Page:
Lions Whiff Again; Fail To Obtain Kentucky DE
Jeremy Jarmon (AP/Ed Reinke)
Jeremy Jarmon (AP/Ed Reinke)
Posted Jul 16, 2009

The Detroit Lions tried and failed to upgrade the defensive line on Thursday. It wasn't the first time the team has attempted to improve the defensive line in recent weeks, only to come up empty handed.

Close only counts in horseshoes and nuclear war.

Fresh off of the John Thornton close-but-not-quite debacle, and in the same offseason where the Lions very nearly signed OG Darnell Dockett, and almost pulled off a trade for QB Jay Cutler, the franchise again fell just shy of acquiring a player who could make an impact.

Thanks to getting suspended for the season due to testing positive for a banned substance, Kentucky DE Jeremy Jarmon was available in today’s supplemental draft.

The Lions’ 0-16 record in 2008 made their supplemental draft picks very powerful. The Lions could bid a pick to acquire a player, and because of their status, it would trump any other team -- unless, of course, that other team bids a higher round selection.

Since bidding a given pick in the supplemental draft means you lose that pick in the next scheduled draft, that was a huge advantage for the Lions over all the other competition.

Rumor prior to today's draft was that Jarmon could be had for a fourth-rounder, and the Lions would need only to bid their fourth.

With a large question lingering across the entire defensive line, Jarmon's presence was enticing.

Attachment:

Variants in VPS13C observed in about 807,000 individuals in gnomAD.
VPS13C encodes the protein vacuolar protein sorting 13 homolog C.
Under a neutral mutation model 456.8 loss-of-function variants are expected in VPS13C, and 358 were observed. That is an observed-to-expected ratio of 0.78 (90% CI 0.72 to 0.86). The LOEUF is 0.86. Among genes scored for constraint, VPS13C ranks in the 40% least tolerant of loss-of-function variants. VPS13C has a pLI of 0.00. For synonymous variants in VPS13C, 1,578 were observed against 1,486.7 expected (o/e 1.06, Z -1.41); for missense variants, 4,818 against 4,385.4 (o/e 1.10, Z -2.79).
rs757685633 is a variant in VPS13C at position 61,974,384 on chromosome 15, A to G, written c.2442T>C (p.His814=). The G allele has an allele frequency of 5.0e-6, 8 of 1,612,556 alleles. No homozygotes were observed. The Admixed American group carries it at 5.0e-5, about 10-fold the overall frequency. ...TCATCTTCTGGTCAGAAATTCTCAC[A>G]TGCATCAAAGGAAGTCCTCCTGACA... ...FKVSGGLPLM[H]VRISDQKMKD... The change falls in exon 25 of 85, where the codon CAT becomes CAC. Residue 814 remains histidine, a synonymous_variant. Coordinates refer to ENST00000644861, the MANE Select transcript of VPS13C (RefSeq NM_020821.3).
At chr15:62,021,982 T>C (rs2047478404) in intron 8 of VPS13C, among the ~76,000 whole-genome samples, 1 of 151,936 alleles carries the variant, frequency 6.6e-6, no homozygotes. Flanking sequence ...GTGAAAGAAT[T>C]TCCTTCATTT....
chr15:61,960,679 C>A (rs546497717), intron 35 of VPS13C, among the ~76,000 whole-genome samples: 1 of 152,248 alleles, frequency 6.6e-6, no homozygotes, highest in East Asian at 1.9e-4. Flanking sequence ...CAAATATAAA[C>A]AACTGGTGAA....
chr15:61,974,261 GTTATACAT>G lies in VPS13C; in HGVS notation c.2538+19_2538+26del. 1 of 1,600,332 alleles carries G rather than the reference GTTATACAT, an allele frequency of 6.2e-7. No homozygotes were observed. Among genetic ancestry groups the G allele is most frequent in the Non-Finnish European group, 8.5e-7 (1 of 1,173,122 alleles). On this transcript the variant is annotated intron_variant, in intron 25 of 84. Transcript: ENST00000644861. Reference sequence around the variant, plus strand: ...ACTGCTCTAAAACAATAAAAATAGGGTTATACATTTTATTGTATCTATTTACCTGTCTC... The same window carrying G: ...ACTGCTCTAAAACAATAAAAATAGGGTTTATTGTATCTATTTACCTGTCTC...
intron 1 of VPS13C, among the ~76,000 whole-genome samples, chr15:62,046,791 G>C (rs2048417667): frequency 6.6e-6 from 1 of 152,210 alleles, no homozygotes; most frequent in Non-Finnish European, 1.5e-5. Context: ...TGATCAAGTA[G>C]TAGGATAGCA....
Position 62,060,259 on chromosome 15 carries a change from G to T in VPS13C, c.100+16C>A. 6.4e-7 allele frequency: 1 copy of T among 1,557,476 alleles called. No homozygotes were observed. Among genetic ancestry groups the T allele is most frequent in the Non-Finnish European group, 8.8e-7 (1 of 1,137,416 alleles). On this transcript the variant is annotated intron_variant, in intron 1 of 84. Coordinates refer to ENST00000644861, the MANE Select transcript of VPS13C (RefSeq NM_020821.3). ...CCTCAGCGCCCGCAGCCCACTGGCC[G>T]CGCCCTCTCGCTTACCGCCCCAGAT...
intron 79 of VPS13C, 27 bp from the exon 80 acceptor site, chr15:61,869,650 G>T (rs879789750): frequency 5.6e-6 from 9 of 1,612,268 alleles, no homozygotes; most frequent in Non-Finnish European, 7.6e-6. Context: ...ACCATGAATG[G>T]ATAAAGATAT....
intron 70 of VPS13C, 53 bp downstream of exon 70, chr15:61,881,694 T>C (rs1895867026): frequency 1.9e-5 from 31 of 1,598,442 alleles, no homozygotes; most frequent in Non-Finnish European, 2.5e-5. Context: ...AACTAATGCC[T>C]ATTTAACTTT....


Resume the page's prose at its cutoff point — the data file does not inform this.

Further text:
Surprisingly, however, the Washington Redskins shocked everyone after choosing to bid their third-round pick, thus acquiring the rights to Jarmon.

John Niyo of the Detroit News then reported via Twitter that Lions' GM Martin Mayhew text messaged Redskins' VP Vinny Cerrato that he did, indeed, bid the Lions’ fourth-rounder for Jarmon -- and was surprised (and, naturally, disappointed) not to get him.

Should Mayhew have bid a third-rounder, thus practically guaranteeing Jarmon’s acquisition?

Assuming that Detroit's third-round pick in 2010 will hold significant value, and could become a potential starter at any position (or trade ammo), spending it now on a player with character issues wouldn’t maximize that pick's value.

While it’s certainly disappointing to lose out (again) on a potential impact rookie at a position of need, the Lions made the right move.

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